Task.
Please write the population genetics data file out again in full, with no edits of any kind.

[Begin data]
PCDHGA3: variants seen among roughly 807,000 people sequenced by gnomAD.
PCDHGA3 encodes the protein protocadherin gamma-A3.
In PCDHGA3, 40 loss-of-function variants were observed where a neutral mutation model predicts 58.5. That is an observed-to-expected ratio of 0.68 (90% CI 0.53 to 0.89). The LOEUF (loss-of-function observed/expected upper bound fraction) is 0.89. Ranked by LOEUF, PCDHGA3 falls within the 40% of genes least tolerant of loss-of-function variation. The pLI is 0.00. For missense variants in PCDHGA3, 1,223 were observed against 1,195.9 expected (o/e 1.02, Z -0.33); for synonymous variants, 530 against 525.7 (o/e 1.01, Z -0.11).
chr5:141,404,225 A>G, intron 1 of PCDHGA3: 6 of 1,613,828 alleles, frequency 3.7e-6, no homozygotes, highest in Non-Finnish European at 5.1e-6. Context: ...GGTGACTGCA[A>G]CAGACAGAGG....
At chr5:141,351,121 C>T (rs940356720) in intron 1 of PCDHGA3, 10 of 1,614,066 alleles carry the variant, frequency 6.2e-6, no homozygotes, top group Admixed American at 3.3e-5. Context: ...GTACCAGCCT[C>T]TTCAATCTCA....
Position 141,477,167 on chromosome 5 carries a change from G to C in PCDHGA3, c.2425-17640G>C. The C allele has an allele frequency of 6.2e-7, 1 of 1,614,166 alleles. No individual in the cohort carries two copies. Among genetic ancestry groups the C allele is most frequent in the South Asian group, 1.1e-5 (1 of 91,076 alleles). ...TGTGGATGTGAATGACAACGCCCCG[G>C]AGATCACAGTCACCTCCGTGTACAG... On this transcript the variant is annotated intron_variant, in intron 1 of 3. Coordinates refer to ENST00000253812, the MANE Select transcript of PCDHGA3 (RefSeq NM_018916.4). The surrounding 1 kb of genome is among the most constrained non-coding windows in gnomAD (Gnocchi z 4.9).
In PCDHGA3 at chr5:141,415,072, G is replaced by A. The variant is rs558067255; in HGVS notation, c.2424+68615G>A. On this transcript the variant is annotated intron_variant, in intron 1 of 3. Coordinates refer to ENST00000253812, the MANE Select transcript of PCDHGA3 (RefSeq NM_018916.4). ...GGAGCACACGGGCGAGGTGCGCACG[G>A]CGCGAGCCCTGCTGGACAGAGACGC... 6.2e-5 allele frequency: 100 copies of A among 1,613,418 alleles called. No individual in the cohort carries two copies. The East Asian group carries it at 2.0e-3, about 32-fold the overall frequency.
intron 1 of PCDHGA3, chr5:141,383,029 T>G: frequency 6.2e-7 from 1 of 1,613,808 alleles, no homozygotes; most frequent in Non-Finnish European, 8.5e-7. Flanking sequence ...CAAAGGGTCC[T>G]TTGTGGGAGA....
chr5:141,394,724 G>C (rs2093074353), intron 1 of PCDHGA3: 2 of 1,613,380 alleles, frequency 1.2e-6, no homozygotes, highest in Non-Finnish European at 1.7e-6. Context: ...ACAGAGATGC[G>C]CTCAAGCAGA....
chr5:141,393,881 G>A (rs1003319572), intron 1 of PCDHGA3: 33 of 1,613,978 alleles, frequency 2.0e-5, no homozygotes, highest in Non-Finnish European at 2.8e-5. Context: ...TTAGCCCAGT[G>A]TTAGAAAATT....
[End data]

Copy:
PCDHGA3: variants seen among roughly 807,000 people sequenced by gnomAD.
PCDHGA3 encodes the protein protocadherin gamma-A3.
In PCDHGA3, 40 loss-of-function variants were observed where a neutral mutation model predicts 58.5. That is an observed-to-expected ratio of 0.68 (90% CI 0.53 to 0.89). The LOEUF (loss-of-function observed/expected upper bound fraction) is 0.89. Ranked by LOEUF, PCDHGA3 falls within the 40% of genes least tolerant of loss-of-function variation. The pLI is 0.00. For missense variants in PCDHGA3, 1,223 were observed against 1,195.9 expected (o/e 1.02, Z -0.33); for synonymous variants, 530 against 525.7 (o/e 1.01, Z -0.11).
chr5:141,404,225 A>G, intron 1 of PCDHGA3: 6 of 1,613,828 alleles, frequency 3.7e-6, no homozygotes, highest in Non-Finnish European at 5.1e-6. Context: ...GGTGACTGCA[A>G]CAGACAGAGG....
At chr5:141,351,121 C>T (rs940356720) in intron 1 of PCDHGA3, 10 of 1,614,066 alleles carry the variant, frequency 6.2e-6, no homozygotes, top group Admixed American at 3.3e-5. Context: ...GTACCAGCCT[C>T]TTCAATCTCA....
Position 141,477,167 on chromosome 5 carries a change from G to C in PCDHGA3, c.2425-17640G>C. The C allele has an allele frequency of 6.2e-7, 1 of 1,614,166 alleles. No individual in the cohort carries two copies. Among genetic ancestry groups the C allele is most frequent in the South Asian group, 1.1e-5 (1 of 91,076 alleles). ...TGTGGATGTGAATGACAACGCCCCG[G>C]AGATCACAGTCACCTCCGTGTACAG... On this transcript the variant is annotated intron_variant, in intron 1 of 3. Coordinates refer to ENST00000253812, the MANE Select transcript of PCDHGA3 (RefSeq NM_018916.4). The surrounding 1 kb of genome is among the most constrained non-coding windows in gnomAD (Gnocchi z 4.9).
In PCDHGA3 at chr5:141,415,072, G is replaced by A. The variant is rs558067255; in HGVS notation, c.2424+68615G>A. On this transcript the variant is annotated intron_variant, in intron 1 of 3. Coordinates refer to ENST00000253812, the MANE Select transcript of PCDHGA3 (RefSeq NM_018916.4). ...GGAGCACACGGGCGAGGTGCGCACG[G>A]CGCGAGCCCTGCTGGACAGAGACGC... 6.2e-5 allele frequency: 100 copies of A among 1,613,418 alleles called. No individual in the cohort carries two copies. The East Asian group carries it at 2.0e-3, about 32-fold the overall frequency.
intron 1 of PCDHGA3, chr5:141,383,029 T>G: frequency 6.2e-7 from 1 of 1,613,808 alleles, no homozygotes; most frequent in Non-Finnish European, 8.5e-7. Flanking sequence ...CAAAGGGTCC[T>G]TTGTGGGAGA....
chr5:141,394,724 G>C (rs2093074353), intron 1 of PCDHGA3: 2 of 1,613,380 alleles, frequency 1.2e-6, no homozygotes, highest in Non-Finnish European at 1.7e-6. Context: ...ACAGAGATGC[G>C]CTCAAGCAGA....
chr5:141,393,881 G>A (rs1003319572), intron 1 of PCDHGA3: 33 of 1,613,978 alleles, frequency 2.0e-5, no homozygotes, highest in Non-Finnish European at 2.8e-5. Context: ...TTAGCCCAGT[G>A]TTAGAAAATT....